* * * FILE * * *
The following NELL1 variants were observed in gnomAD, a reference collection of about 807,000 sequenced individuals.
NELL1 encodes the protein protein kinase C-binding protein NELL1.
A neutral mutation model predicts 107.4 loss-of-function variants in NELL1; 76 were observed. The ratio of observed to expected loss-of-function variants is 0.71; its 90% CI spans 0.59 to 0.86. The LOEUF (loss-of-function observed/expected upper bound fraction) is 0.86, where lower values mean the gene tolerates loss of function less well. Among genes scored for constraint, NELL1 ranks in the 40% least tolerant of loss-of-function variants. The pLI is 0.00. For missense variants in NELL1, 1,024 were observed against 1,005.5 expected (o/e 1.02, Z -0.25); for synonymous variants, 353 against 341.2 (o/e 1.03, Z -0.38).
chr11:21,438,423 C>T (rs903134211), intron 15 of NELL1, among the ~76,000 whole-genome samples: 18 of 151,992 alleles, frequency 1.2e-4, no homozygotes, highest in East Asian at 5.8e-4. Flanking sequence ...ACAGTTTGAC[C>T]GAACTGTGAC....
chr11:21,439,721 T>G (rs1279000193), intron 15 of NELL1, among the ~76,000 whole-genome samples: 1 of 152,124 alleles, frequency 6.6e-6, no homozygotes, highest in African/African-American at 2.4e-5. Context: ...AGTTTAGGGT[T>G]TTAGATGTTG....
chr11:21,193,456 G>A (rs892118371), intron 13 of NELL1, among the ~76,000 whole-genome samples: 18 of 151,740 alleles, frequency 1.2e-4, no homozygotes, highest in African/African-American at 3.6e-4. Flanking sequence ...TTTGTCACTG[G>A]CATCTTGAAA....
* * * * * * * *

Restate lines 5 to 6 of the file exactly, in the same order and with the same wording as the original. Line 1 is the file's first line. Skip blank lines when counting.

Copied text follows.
chr11:21,439,721 T>G (rs1279000193), intron 15 of NELL1, among the ~76,000 whole-genome samples: 1 of 152,124 alleles, frequency 6.6e-6, no homozygotes, highest in African/African-American at 2.4e-5. Context: ...AGTTTAGGGT[T>G]TTAGATGTTG....
chr11:21,193,456 G>A (rs892118371), intron 13 of NELL1, among the ~76,000 whole-genome samples: 18 of 151,740 alleles, frequency 1.2e-4, no homozygotes, highest in African/African-American at 3.6e-4. Flanking sequence ...TTTGTCACTG[G>A]CATCTTGAAA....